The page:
Those with the power to vote players into the Baseball Hall of Fame have been wary of potentially tarnishing the institution with inductees linked to performance-enhancing drugs.
But the museum itself, which has no hand in the selection process, has continued to deal with the use of banned drugs.
With players like Roger Clemens, Sammy Sosa and Barry Bonds — each of whom has faced allegations of steroid use — set to appear on Hall of Fame ballots this year for the first time, the Hall of Fame announced on Wednesday a new outreach program to educate teenagers and young adults about the dangers of performance-enhancing drugs.
The program — called Be a Superior Example, or BASE — will start with educational components online and an interactive kiosk at the museum in Cooperstown, N.Y.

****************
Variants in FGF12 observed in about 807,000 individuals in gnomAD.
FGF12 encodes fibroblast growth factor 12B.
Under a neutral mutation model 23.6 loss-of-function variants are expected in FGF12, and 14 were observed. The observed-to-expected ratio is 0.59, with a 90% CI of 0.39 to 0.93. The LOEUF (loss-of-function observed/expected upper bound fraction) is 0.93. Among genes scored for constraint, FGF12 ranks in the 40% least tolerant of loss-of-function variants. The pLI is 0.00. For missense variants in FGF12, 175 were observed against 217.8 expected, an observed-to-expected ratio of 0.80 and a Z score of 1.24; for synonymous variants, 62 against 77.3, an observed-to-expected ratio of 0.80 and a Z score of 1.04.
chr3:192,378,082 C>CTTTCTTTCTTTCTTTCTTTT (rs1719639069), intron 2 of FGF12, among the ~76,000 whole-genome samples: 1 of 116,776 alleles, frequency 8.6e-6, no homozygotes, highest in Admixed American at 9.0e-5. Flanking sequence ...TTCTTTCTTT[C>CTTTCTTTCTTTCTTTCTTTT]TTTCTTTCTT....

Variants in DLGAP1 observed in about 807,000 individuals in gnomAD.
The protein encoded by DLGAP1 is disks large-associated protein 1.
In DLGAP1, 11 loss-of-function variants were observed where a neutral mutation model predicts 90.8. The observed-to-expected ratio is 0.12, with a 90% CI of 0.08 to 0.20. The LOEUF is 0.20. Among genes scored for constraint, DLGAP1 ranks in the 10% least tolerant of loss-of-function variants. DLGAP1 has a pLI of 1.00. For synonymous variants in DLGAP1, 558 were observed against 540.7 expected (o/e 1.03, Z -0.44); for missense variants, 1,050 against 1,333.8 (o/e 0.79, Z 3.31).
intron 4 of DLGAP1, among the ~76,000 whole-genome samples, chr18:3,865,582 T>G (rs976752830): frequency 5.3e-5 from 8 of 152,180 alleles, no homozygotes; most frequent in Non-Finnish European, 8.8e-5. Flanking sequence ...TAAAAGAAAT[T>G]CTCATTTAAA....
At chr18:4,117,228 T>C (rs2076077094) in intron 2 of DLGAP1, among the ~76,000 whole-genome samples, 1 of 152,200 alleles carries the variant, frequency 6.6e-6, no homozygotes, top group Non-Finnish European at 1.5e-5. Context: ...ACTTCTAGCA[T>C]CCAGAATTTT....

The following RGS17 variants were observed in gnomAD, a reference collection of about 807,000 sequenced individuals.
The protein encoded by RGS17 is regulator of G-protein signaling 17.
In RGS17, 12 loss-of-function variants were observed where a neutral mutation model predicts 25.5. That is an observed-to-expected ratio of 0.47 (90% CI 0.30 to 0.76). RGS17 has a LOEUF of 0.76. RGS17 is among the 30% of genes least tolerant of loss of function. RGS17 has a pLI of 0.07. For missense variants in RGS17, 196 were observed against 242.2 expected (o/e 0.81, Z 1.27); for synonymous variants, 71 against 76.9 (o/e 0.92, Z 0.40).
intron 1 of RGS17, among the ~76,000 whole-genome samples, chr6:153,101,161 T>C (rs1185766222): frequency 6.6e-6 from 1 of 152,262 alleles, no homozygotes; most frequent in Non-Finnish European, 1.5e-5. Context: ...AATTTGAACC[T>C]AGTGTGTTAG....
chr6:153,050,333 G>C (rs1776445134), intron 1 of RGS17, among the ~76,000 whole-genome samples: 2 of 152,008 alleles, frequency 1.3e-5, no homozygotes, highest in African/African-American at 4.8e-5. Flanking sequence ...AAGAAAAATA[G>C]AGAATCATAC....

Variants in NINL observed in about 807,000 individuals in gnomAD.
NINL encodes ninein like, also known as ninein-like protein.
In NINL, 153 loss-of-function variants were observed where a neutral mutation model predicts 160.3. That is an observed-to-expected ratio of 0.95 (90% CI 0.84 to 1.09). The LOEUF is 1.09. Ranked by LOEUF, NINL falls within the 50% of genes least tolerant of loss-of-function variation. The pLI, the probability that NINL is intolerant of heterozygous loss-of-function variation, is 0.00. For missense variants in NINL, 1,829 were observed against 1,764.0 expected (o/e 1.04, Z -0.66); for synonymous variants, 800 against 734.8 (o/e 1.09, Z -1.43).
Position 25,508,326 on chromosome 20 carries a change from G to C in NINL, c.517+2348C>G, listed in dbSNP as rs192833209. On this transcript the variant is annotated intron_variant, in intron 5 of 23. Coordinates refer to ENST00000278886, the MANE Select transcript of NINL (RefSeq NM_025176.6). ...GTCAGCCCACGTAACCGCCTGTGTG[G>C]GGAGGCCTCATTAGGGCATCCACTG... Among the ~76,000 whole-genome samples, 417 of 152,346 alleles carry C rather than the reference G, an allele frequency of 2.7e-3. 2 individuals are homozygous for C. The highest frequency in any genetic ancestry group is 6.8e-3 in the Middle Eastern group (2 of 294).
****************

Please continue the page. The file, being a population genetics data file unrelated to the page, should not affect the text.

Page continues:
Asked if the initiative had been timed to coincide with the appearance of such high-profile players on the ballot, Jeff Idelson, the museum president, said in an e-mail that the program had been in the planning stages for a couple of years.
“We’re launching it now because it’s taken that long to build the curriculum, the program elements, and find the funding to launch BASE,” Idelson said. “We still need to find more funding to sustain it, but we now have enough to launch it and keep it up and running.”